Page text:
Obama's Health Care Proposal Worries Hospitals

On Sept. 19, President Barack Obama released his plan to reduce the nation's deficit by $3 trillion during the next decade. Part of his proposal called for a $320 billion reduction in federal spending on Medicare and Medicaid.

The blueprint drove fear into hospital administrators in Arkansas and around the country; hospitals are already preparing for $155 billion in health care cuts that were part of 2010's Affordable Care Act and go into effect during the next several years.

Of the $155 billion, some cuts have already been made, but "those reductions will accelerate [next] fiscal year," said Marie Watteau, a spokeswoman for the American Hospital Association in Washington, D.C. The federal fiscal year starts Oct. 1.

The American Hospital Association said Obama's proposal to the Joint Select Committee on Deficit Reduction would result in reduced care and at least 200,000 job losses for hospitals by 2021, according to a Sept. 19 AHA news release.

"This is the wrong prescription to create a healthier America and sustain job growth in a sector of the economy that is actually adding jobs," Rich Umbdenstock, president and CEO of the AHA, said in the news release.

Others, however, say that the deficit is out of control and the cuts are needed.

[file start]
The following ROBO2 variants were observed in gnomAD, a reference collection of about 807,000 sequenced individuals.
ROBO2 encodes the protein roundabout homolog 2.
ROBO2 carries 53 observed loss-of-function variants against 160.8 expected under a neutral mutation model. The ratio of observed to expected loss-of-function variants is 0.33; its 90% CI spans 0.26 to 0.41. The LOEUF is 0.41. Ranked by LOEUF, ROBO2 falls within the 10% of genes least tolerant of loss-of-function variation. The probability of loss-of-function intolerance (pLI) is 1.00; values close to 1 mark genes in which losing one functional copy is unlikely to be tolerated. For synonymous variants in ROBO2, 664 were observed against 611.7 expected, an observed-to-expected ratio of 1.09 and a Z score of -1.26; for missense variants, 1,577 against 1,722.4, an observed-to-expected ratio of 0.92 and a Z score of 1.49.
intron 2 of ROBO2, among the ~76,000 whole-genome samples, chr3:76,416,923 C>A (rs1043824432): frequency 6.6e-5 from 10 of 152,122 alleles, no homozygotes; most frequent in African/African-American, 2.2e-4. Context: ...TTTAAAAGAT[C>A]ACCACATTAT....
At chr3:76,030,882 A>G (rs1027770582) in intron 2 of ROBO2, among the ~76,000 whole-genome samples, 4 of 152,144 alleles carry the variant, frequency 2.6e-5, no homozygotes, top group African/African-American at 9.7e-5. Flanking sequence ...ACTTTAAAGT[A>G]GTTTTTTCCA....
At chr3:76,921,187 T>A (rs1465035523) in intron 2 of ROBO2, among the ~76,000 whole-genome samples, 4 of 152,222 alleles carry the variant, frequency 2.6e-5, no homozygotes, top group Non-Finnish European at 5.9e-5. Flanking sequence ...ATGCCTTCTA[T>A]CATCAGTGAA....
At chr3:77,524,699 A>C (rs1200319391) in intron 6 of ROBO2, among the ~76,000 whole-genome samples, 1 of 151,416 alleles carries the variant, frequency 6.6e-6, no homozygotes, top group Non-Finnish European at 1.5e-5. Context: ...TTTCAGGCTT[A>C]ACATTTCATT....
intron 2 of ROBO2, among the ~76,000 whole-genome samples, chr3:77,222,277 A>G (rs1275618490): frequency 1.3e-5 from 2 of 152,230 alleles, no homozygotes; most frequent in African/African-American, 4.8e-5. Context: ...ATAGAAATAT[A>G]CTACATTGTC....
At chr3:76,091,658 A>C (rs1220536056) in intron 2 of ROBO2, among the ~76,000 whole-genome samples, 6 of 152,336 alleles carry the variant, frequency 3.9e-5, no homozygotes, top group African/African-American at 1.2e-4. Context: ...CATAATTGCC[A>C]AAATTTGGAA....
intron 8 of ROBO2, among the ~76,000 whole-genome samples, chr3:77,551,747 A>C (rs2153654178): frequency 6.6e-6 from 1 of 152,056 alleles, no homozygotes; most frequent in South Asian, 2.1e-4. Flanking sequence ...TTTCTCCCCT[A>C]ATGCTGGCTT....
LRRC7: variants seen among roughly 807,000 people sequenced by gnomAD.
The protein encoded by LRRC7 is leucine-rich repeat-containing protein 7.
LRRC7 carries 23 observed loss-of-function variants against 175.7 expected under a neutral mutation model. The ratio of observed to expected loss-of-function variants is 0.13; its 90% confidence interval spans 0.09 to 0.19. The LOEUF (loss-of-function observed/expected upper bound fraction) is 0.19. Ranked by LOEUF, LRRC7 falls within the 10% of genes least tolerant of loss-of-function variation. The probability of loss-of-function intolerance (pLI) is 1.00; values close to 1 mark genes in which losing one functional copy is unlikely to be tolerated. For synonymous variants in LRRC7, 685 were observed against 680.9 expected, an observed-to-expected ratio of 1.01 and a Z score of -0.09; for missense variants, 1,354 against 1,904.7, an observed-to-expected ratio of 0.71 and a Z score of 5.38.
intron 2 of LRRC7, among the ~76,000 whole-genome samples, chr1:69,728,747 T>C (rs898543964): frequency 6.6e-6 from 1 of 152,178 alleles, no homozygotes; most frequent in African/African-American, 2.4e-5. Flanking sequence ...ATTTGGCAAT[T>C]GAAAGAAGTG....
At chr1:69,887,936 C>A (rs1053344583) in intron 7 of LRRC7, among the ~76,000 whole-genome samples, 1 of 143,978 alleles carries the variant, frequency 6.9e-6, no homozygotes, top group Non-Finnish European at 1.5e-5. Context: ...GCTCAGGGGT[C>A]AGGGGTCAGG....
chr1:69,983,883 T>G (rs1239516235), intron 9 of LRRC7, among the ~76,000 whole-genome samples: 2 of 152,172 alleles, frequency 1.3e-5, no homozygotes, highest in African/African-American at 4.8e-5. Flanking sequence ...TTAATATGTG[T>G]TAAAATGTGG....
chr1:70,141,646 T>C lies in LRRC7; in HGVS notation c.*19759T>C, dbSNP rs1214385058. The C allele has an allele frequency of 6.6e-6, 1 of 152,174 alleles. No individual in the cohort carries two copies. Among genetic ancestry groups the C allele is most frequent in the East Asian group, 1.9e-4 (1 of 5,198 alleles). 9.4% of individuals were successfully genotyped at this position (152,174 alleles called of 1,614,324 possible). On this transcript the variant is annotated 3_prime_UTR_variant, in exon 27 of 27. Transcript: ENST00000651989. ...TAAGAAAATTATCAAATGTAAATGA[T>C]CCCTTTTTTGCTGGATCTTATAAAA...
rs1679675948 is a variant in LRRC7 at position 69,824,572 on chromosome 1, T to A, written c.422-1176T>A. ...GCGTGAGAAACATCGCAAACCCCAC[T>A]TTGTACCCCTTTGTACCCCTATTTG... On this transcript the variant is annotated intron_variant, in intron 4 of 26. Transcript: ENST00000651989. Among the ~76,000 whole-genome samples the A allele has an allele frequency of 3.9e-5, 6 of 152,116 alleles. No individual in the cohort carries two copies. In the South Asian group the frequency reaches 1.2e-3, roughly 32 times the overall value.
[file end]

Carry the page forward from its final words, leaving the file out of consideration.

"I think the president is giving people a little advance notice of just how serious this health cost problem is, and we're not going to get out of it without some sacrifices," said John Rother, CEO of the National Coalition on Health Care of Washington, D.C. The coalition is a nonprofit working to achieve health system reform.

Obama also proposed to reduce Medicare payments to teaching hospitals by $9 billion during the next 10 years. That proposal has made officials of the University of Arkansas for Medical Sciences nervous.

In Arkansas, hospital administrators are concerned about the proposed cuts, fearing they could lead to some hospitals closing, said Paul Cunningham, the senior vice president of the Arkansas Hospital Association.

"When you start looking at what the supercommittee [the Joint Select Committee] could do in terms of discretionary spending and making additional cuts in Medicare and Medicaid, I think everybody is a little bit worried," he said.

The prospect of more Medicaid cuts is troubling, Cunningham said.

Arkansas is in its third year of receiving a Medicaid provider tax for hospitals, he said. The money brings in about $140 million annually and has helped most hospitals post a net profit for their fiscal years that ended in 2010.

Without the Medicare and Medicaid reimbursement revenue, "we'd have to close the hospital," said Dede Obar, the administrator of Mercy Hospital of Scott County in Waldron.

She said the hospital was already having a tough time and cuts "would be devastating to us."

It reported a loss of $848,000 on patient revenue of $19.9 million for its fiscal year that ended June 30, 2010.

Cunningham said that if there were more cuts, money from other state programs would have to be diverted to make up for the shortfall in Medicaid at the state level.

One of the top priorities for the Arkansas Hospital Association now is working with the state's six members of Congress.

"We're ... trying to educate them on what the impact is going to be as far as hospitals are concerned," Cunningham said.